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shouldn't if (this!=null) generate a warning?

P: n/a
Shouldn't if (this!=null) generate a compiler warning?

in fact, it does not.
May 26 '06 #1
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16 Replies


P: n/a

cody wrote:
Shouldn't if (this!=null) generate a compiler warning?


What warning would you like to see?

--
Larry Lard
Replies to group please

May 26 '06 #2

P: n/a
"Larry Lard" <la*******@hotmail.com> wrote in message
news:11*********************@i39g2000cwa.googlegro ups.com...
cody wrote:
Shouldn't if (this!=null) generate a compiler warning?


What warning would you like to see?


I see what the OP is driving at - sort of like asking Descartes if it's
possible to think you don't exist... :-)
May 26 '06 #3

P: n/a

Mark Rae wrote:
"Larry Lard" <la*******@hotmail.com> wrote in message
news:11*********************@i39g2000cwa.googlegro ups.com...
cody wrote:
Shouldn't if (this!=null) generate a compiler warning?


What warning would you like to see?


I see what the OP is driving at - sort of like asking Descartes if it's
possible to think you don't exist... :-)


I see what they're driving at too, and I'm trying to be Socratic :)

--
Larry Lard
Replies to group please

May 26 '06 #4

P: n/a

"cody" <de********@gmx.de> wrote in message
news:uS**************@TK2MSFTNGP05.phx.gbl...
Shouldn't if (this!=null) generate a compiler warning?

in fact, it does not.

Maybe we need a "something" to go along with "null", then we could just do
if (this == something)

:-)
May 26 '06 #5

P: n/a
the same warning that is generated for other expressions which the compiler
determines to always be true or to alway be false.
for example an expression like "if (this is string)" will generate a warning
(if the class is not system.string or course).

--

"Larry Lard" <la*******@hotmail.com> schrieb im Newsbeitrag
news:11*********************@i39g2000cwa.googlegro ups.com...

cody wrote:
Shouldn't if (this!=null) generate a compiler warning?


What warning would you like to see?

--
Larry Lard
Replies to group please

May 26 '06 #6

P: n/a
"james" <ja***@com.com> wrote in message
news:44**********************@news.zen.co.uk...
Maybe we need a "something" to go along with "null", then we could just do
if (this == something)


Ah yes, but just because something isn't nothing doesn't imply that it is
something...

You know what they say: "you can take a horse to water but a pencil must be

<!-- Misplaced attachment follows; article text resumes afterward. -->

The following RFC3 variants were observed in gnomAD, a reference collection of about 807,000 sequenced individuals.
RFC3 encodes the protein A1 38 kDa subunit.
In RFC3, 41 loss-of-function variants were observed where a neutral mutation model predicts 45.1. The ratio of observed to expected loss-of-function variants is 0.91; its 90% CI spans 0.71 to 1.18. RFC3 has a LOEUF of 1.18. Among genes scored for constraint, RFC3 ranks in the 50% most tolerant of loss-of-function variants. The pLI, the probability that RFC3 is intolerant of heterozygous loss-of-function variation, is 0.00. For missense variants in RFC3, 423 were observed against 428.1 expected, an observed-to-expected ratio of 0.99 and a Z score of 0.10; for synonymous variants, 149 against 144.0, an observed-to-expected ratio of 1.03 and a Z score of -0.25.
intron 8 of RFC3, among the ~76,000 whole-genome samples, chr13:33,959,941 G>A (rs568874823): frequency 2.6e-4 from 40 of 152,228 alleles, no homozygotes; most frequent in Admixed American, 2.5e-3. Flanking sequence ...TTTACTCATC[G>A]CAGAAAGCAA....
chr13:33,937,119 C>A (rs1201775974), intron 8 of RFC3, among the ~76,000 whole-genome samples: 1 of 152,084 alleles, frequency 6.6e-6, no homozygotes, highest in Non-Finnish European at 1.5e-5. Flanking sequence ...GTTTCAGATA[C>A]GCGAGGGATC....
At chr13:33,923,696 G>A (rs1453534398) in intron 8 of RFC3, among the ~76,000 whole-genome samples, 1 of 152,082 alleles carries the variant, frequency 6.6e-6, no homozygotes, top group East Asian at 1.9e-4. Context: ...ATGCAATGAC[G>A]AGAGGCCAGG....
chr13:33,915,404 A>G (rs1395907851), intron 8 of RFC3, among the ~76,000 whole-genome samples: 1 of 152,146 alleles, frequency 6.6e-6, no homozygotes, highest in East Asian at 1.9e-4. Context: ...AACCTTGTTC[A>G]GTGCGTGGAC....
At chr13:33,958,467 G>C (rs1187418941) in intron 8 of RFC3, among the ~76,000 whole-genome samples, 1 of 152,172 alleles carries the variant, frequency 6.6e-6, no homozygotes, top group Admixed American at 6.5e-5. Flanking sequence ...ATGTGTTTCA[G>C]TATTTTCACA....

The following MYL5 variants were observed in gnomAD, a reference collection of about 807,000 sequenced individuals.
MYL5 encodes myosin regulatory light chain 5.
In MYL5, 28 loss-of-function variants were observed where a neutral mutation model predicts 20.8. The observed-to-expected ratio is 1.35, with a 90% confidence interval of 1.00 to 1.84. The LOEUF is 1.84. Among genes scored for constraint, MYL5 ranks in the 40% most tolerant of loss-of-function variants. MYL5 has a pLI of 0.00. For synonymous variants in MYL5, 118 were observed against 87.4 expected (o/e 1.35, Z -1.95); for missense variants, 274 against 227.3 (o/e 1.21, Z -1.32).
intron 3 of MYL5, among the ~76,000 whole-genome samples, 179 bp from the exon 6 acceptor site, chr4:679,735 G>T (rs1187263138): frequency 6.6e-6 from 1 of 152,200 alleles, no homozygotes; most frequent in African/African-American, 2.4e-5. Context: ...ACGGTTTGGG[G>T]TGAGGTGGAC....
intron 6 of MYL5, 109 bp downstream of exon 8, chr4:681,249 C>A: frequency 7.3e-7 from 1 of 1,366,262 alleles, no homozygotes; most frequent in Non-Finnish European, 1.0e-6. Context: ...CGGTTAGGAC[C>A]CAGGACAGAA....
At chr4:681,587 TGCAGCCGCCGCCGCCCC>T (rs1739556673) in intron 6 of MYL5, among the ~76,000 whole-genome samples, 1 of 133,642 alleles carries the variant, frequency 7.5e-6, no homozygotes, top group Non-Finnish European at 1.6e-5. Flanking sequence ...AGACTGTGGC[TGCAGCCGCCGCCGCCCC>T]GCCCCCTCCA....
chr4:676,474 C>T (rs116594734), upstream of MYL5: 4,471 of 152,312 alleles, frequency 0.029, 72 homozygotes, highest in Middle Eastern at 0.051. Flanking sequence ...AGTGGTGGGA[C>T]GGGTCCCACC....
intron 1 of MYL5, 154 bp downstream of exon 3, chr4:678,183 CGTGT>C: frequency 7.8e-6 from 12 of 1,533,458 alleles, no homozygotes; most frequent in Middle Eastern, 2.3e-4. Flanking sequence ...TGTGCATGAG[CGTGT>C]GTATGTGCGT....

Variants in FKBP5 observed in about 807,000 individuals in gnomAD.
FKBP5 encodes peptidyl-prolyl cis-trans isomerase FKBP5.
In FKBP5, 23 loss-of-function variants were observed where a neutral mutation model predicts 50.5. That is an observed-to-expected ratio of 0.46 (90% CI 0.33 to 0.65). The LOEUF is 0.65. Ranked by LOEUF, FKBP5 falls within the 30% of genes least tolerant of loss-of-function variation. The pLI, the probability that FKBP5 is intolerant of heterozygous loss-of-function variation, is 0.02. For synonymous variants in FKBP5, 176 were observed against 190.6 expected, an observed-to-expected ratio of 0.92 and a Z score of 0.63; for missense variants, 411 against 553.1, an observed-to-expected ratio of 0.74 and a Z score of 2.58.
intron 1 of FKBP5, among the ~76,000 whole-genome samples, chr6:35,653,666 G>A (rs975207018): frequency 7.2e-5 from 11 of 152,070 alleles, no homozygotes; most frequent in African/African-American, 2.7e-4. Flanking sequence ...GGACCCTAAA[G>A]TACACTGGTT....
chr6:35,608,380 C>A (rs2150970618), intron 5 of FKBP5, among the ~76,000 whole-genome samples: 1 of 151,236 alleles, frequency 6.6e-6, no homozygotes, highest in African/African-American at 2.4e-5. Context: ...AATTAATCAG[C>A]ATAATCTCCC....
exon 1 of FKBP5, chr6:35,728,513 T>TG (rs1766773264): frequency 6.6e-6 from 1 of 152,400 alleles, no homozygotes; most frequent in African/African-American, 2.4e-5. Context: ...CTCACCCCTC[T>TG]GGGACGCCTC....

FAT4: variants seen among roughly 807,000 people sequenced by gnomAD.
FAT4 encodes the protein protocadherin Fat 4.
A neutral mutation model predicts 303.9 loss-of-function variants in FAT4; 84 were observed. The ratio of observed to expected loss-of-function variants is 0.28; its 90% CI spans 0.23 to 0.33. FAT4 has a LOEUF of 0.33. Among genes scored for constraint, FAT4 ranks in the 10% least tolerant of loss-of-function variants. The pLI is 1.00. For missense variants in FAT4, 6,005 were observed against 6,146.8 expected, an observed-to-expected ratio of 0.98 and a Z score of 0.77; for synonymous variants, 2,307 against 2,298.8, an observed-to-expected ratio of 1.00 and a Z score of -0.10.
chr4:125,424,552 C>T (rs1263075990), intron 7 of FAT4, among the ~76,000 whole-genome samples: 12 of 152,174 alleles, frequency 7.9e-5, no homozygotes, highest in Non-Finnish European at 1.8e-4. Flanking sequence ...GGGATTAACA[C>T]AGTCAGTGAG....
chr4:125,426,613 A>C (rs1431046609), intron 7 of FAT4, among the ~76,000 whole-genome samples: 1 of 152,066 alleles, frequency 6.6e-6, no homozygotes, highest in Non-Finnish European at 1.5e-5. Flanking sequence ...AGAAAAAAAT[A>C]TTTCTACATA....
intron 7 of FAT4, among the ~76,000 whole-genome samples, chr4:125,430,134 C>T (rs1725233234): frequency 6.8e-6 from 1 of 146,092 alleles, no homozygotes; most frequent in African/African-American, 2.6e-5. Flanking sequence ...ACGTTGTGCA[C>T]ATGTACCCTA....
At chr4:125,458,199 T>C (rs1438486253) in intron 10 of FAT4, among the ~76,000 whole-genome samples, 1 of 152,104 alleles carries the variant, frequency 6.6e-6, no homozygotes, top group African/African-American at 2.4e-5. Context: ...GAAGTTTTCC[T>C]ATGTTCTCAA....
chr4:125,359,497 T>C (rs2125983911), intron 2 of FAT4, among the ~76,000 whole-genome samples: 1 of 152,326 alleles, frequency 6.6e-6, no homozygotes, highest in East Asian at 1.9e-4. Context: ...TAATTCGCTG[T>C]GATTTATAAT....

lead"

And, for the extremely politically incorrect among us, "one in Kate Bush is
worth ten in the hand..."
May 26 '06 #7

P: n/a
>the same warning that is generated for other expressions which the compiler
determines to always be true or to alway be false.


But in this case the condition can evaluate to false. While you're not
allowed to do it in C#, the CLR and other languages let you call
instance methods on a null reference.
Mattias

--
Mattias Sjögren [C# MVP] mattias @ mvps.org
http://www.msjogren.net/dotnet/ | http://www.dotnetinterop.com
Please reply only to the newsgroup.
May 26 '06 #8

P: n/a
Great. So we would always have to put if (this!=null) throw new
ArgumentNullException(); in every method just to make sure :-)

"Mattias Sjögren" <ma********************@mvps.org> schrieb im Newsbeitrag
news:uM**************@TK2MSFTNGP05.phx.gbl...
the same warning that is generated for other expressions which the
compiler
determines to always be true or to alway be false.


But in this case the condition can evaluate to false. While you're not
allowed to do it in C#, the CLR and other languages let you call
instance methods on a null reference.
Mattias

--
Mattias Sjögren [C# MVP] mattias @ mvps.org
http://www.msjogren.net/dotnet/ | http://www.dotnetinterop.com
Please reply only to the newsgroup.

May 27 '06 #9

P: n/a
Mattias Sjögren <ma********************@mvps.org> wrote in
news:uM**************@TK2MSFTNGP05.phx.gbl:
the same warning that is generated for other expressions which the
compiler determines to always be true or to alway be false.


But in this case the condition can evaluate to false. While you're not
allowed to do it in C#, the CLR and other languages let you call
instance methods on a null reference.
Mattias


But we're discussing the CSharp compiler...
May 27 '06 #10

P: n/a
Martin Milan <I8**@m.i.do> wrote:
But we're discussing the CSharp compiler...


A class written with C#, and compiled with the C# compiler, may be
instantiated and invoked from another language targeting the CLR. That